Economics IS the conversation of our moment. I also recommend Economics of Good and Evil (2011) by Tomas Sedlaćek for a more philosophical understanding of our time and The New Capitalist Manifesto: Building a Disruptively Better Business by Umair Haque as a way for business to do good and create a better world.


Coptic Pope Shenouda III Dies

The head of the Coptic Orthodox Church Pope Shenouda III has passed away at the age of 88. He was greatly loved and respected. I saw pictures of him on walls all over Cairo.

Pope shenoudaiii

I have a lot of respect for the Egyptian Orthodox church. It's one of the oldest churches in the world and has so much to offer other streams of the Christian faith. While in Egypt last year, I got myself a Coptic cross tattoo as a way of identifying with the plight of the Coptic Christians in Egypt and a sign of respect.

coptic cross tattoo in cairo egypt

I heard Pope Shenouda speak at the large prayer gathering in Cairo that happened on 11.11.11 as a response to the recent violence. Some of us felt he should have been more embracing of the evangelical wing of the church and so we were disappointed when he banned their leaders from speaking from the platform. I hope the next Pope will be a little more ecumenical and not too frightened of the Protestants but at the same time I hope the Protestants will be considerate of their older brother in the faith, especially in the lands where the Orthodox have been holding the light for so many centuries.

See the video I shot of the the prayer gathering.


Is the number 666 really on our barcodes?

A blog reader asked if the number 666 is somehow integrated into the barcodes. This has been a discussion for over 30 years among Christians.

Code128bar

I asked my friend David Allis who is not only a Christian man but is also a leading seller of barcodes, to reply to the question, "Do all barcodes have the number 666 in them?'. He replied immediately [Thanks David]

"Nope they don't. 666 isn't encoded into all barcodes. However, we can put it in a barcode if you really want it :-)"

Of course I ordered 6 of them. But what about the QR barcode ?

Screen Shot 2012 02 23 at 1 17 46 PM

Looks pretty innocent at first appearance . . . Which is reassuring because this QR code was generated from the TALLSKINNYKIWI URL. Nothing sinister going on here.

Or is there?

Wait a flippin minute . . . WHAT DO I SEE HERE?????????

Barcode 666 qr

Not only is there a BIG DIRTY 666 on this barcode, [HELP ME Jesus!!!!] but I can also see two devil's horns, Marilyn Manson's right eye, a backwards masked image of Ozzy Osbourne's evil cat, and the ISBN number of Hal LIndsay's "Satan is Alive and Well on Planet Earth."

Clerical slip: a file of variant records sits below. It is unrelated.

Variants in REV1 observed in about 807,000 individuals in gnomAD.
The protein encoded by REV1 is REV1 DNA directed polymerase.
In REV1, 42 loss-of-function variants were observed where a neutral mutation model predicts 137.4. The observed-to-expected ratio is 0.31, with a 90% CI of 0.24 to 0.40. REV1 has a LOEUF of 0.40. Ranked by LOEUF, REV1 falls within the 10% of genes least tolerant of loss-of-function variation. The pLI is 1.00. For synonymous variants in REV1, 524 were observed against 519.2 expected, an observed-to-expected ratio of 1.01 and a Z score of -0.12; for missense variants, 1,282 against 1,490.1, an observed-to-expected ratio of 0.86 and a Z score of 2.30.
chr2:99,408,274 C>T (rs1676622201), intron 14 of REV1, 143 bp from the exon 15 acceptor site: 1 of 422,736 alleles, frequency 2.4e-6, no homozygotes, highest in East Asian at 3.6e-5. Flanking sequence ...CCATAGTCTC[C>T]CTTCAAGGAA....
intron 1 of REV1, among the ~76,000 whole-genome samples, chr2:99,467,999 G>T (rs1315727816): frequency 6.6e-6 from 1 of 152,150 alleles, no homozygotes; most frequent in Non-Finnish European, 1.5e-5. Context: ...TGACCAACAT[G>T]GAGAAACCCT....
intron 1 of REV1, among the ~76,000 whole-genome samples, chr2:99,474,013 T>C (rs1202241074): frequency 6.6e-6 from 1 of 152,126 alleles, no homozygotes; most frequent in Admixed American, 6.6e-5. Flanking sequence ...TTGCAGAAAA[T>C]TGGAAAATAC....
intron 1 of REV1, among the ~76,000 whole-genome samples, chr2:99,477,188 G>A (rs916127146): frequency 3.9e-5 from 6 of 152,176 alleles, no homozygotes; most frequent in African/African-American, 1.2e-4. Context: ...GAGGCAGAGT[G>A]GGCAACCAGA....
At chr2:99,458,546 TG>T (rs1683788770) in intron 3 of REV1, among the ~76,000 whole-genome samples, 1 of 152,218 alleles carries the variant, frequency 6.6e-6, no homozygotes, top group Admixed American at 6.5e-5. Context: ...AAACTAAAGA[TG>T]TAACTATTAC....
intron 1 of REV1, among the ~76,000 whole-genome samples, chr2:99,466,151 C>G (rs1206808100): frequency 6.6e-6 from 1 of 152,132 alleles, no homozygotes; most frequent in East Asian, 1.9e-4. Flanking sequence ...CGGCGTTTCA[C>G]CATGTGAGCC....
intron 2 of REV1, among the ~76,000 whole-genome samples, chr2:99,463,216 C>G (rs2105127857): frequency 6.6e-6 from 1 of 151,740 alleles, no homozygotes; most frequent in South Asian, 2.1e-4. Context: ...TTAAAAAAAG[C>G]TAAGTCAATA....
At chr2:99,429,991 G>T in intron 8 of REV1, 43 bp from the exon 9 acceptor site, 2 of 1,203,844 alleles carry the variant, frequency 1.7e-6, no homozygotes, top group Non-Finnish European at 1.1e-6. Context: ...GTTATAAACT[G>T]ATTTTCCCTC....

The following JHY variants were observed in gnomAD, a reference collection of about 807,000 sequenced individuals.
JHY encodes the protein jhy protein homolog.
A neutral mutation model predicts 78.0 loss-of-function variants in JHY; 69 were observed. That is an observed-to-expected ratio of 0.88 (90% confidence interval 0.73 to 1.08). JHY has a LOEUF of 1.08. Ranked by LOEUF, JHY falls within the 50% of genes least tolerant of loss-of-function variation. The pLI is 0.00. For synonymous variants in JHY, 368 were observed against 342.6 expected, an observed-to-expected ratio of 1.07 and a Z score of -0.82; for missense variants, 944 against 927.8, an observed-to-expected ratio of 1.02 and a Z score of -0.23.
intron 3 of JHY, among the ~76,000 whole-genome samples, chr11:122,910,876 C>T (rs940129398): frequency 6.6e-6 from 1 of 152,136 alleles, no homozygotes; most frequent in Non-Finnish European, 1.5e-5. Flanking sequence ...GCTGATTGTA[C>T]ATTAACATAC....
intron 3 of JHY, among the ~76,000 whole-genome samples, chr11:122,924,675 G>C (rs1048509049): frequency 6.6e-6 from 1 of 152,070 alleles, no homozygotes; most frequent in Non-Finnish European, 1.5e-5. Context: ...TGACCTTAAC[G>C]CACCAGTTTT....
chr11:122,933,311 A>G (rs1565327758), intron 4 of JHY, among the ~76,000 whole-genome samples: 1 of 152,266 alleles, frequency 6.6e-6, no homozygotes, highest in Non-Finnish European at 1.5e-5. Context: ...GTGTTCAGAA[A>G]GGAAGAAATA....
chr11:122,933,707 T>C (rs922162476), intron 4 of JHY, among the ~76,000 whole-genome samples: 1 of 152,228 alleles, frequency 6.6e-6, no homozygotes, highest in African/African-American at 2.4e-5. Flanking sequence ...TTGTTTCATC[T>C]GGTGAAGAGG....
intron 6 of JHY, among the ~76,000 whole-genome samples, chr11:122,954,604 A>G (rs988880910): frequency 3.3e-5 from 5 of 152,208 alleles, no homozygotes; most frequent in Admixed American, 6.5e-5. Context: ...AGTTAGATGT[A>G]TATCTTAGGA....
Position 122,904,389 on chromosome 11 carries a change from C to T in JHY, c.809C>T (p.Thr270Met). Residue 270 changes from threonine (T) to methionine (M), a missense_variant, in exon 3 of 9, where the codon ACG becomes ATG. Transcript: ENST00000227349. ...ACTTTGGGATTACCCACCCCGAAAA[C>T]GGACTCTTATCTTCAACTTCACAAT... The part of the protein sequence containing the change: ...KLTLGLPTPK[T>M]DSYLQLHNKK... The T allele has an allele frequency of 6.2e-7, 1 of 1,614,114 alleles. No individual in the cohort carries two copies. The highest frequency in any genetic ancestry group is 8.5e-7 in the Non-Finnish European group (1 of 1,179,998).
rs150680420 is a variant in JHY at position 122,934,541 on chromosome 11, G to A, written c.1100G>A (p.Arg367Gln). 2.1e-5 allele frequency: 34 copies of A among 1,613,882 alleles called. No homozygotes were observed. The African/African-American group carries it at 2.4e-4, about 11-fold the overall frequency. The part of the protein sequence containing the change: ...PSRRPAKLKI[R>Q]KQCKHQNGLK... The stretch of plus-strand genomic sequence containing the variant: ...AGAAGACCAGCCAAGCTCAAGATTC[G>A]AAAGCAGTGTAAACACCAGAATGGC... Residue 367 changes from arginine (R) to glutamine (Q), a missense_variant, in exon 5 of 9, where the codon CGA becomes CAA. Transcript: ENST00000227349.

Related: Get a second opinion from some 666 mark of the beast geeks here and here.

More on TSK: About that pact with the Debil in Haiti, KISS, and the Heaven and Hell Tour with Motley Crue.


Seeking unity in the Egyptian Revolution

Egypt: 33 bodies in the main Cairo morgue right now. Might be more in Alexandria and other cities. 1700 injured, many blinded by rubber bullets. Last month's violence against Coptic Christians, which resulted in 23+ deaths, was the bloodiest sectarian violence in Egypt in 60 years. This week, things got even worse.

Its a mixed bag. The horror of death and the pain of persecution but also the hopeful signs of revival among the Christians, evidenced by last weeks all night prayer meeting which attracted 71,000 people [video], and attempts at unity among Muslims and Christians.

In Cairo, we interviewed one of the guys who has been working inside the revolution to bring peace between Muslims and Christians. This is the Cross and the Crescent T-shirt he created to reflect his heart for peace and harmony.

Cross and crescent egypt

In the first video, he shares about the death of his brother during the riots but, as he says, he "still has to show the love."

[video taken down for some editing. sorry]

In the second video, he talks about his efforts to bring God's peace among the people and the Egyptian revolution that he says was stolen.

[video taken down for some editing]

The third video is about the crescent and the cross, how Egypt can be rebuilt when Christians and Muslims learn to love each other. Its still uploading. Link soon.